In Gangsters vs. Nazis, crime historian Michael Benson invites us to cheer for Jewish mobsters who attacked Hitler supporters and sympathizers in cities such as New York, Chicago, Newark, and Los Angeles during the 1930s. Benson credits New York Judge Nathan D. Perlman, who conspired with the legendary Jewish gangster Meyer Lansky to disrupt meetings of the German American Bund, with "thinking outside of the box and teaching anti-Semites that Jews were tough and it could be dangerous to be a Nazi."
Perlman's outside-the-box thinking, which led to violent confrontations with Bund members and fascist Silver Shirts across the country, involved many acts of aggression, including bloody beatings that stopped just short of murder. While Benson occasionally acknowledges that the campaign was entirely illegal and deliberately punished antisemites for exercising their First Amendment rights, he has little patience with such objections.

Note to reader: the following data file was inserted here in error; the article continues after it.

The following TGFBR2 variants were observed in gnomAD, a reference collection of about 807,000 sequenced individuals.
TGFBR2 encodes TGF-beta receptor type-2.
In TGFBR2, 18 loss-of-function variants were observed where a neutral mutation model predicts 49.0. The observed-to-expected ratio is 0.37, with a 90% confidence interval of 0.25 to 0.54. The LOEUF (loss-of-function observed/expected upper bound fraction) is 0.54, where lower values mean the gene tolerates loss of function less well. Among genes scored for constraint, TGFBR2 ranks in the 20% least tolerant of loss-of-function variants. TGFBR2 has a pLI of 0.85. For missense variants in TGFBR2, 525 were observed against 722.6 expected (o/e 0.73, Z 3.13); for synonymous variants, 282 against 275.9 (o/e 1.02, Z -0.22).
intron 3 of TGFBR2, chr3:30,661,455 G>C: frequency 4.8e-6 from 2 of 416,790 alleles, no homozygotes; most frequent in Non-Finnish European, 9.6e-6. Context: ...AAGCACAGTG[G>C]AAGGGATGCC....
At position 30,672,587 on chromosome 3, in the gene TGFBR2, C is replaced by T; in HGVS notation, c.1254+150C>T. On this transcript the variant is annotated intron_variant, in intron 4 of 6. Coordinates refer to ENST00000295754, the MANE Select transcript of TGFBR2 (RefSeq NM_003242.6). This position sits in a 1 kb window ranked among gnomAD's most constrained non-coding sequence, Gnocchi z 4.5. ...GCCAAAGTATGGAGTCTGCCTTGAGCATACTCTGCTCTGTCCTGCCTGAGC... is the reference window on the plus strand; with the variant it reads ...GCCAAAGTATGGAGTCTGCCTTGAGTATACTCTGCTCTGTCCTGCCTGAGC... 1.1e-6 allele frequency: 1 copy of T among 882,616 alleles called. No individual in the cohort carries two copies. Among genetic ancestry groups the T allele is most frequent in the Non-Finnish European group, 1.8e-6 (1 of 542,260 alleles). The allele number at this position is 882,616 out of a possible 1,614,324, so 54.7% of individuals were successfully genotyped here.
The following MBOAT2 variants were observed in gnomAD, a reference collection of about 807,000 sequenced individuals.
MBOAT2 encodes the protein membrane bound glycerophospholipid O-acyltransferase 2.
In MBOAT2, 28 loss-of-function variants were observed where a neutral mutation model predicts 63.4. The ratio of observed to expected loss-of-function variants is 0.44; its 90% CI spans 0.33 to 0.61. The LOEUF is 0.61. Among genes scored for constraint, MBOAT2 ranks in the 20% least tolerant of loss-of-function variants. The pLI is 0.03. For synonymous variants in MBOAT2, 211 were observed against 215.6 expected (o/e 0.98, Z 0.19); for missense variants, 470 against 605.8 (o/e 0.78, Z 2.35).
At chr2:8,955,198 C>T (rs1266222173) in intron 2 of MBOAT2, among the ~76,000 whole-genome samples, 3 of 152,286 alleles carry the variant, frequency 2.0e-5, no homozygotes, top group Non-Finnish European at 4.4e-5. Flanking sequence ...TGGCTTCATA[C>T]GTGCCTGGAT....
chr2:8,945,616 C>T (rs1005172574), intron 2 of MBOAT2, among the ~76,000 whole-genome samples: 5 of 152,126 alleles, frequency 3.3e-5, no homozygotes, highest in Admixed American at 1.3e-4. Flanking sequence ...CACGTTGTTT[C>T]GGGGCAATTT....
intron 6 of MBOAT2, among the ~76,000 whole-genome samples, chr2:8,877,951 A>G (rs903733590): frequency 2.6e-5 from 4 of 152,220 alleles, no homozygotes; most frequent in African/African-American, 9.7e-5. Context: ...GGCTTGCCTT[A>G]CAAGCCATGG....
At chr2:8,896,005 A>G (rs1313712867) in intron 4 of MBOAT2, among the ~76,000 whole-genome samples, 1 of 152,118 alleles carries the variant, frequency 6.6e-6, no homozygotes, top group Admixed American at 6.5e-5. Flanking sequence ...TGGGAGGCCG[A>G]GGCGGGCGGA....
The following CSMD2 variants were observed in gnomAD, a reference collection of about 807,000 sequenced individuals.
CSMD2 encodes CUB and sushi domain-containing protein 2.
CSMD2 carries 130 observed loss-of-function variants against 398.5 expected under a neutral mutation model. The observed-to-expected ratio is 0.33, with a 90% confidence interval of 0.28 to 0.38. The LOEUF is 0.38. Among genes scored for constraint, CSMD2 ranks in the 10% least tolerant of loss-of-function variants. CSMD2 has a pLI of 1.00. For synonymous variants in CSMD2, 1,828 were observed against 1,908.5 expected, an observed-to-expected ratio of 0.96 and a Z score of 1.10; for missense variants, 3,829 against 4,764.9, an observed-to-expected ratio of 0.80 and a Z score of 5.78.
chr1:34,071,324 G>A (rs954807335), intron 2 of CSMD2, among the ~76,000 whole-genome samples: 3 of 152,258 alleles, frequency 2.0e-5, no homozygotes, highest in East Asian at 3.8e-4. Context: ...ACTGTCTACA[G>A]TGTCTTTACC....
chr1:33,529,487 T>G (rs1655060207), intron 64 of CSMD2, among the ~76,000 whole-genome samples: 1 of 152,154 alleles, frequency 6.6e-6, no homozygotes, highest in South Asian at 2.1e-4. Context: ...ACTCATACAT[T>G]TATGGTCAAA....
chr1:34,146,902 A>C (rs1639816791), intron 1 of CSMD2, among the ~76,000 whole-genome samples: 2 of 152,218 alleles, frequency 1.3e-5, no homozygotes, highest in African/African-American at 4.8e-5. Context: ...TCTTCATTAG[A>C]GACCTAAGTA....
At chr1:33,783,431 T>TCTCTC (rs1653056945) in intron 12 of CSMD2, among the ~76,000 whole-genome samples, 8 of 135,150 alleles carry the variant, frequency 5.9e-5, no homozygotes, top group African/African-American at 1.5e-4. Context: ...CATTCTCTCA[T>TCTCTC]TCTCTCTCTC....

According to "the company line," Benson writes, "hate speech was protected by the freedom of speech." But in reality, he avers, "hate speech was equivalent to inciting a riot." Unfortunately, he says, "there was no such thing as illegal 'hate speech' back then."
Nor is there such a thing in the United States today. In Brandenburg v. Ohio, a 1969 case involving a klansman whose bigoted fulminations led to criminal charges, the Supreme Court ruled that the government could not punish such rhetoric unless it was both "directed" at inciting "imminent lawless action" and "likely" to do so.
As alarming as Bund and Silver Shirt speeches were against the background of what was happening in Germany, they plainly did not meet that test. And as emotionally satisfying as Benson's colorful tales of meeting offensive speech with violence might be, tolerating and praising such behavior are hallmarks not of admirable Americanism but of oppressive regimes like Hitler's.